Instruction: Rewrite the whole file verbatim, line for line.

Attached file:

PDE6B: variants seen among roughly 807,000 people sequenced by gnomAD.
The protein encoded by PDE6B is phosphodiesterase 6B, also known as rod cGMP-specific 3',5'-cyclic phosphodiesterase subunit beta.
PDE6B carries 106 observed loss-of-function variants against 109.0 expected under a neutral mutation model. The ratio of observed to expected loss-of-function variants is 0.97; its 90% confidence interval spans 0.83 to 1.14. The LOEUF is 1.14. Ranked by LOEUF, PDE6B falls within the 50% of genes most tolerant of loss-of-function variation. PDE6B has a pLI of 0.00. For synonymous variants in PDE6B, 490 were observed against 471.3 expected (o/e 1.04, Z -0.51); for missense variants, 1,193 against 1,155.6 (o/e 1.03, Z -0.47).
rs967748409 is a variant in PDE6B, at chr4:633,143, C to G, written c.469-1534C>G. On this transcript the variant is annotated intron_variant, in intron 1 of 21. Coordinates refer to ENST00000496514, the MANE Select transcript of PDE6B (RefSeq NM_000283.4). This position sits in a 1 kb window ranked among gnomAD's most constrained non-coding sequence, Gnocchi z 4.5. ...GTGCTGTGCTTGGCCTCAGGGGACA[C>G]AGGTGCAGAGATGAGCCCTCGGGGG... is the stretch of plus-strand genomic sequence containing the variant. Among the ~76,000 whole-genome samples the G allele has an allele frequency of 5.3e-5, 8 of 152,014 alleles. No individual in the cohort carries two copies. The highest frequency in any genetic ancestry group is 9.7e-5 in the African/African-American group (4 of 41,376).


PDE6B: variants seen among roughly 807,000 people sequenced by gnomAD.
The protein encoded by PDE6B is phosphodiesterase 6B, also known as rod cGMP-specific 3',5'-cyclic phosphodiesterase subunit beta.
PDE6B carries 106 observed loss-of-function variants against 109.0 expected under a neutral mutation model. The ratio of observed to expected loss-of-function variants is 0.97; its 90% confidence interval spans 0.83 to 1.14. The LOEUF is 1.14. Ranked by LOEUF, PDE6B falls within the 50% of genes most tolerant of loss-of-function variation. PDE6B has a pLI of 0.00. For synonymous variants in PDE6B, 490 were observed against 471.3 expected (o/e 1.04, Z -0.51); for missense variants, 1,193 against 1,155.6 (o/e 1.03, Z -0.47).
rs967748409 is a variant in PDE6B, at chr4:633,143, C to G, written c.469-1534C>G. On this transcript the variant is annotated intron_variant, in intron 1 of 21. Coordinates refer to ENST00000496514, the MANE Select transcript of PDE6B (RefSeq NM_000283.4). This position sits in a 1 kb window ranked among gnomAD's most constrained non-coding sequence, Gnocchi z 4.5. ...GTGCTGTGCTTGGCCTCAGGGGACA[C>G]AGGTGCAGAGATGAGCCCTCGGGGG... is the stretch of plus-strand genomic sequence containing the variant. Among the ~76,000 whole-genome samples the G allele has an allele frequency of 5.3e-5, 8 of 152,014 alleles. No individual in the cohort carries two copies. The highest frequency in any genetic ancestry group is 9.7e-5 in the African/African-American group (4 of 41,376).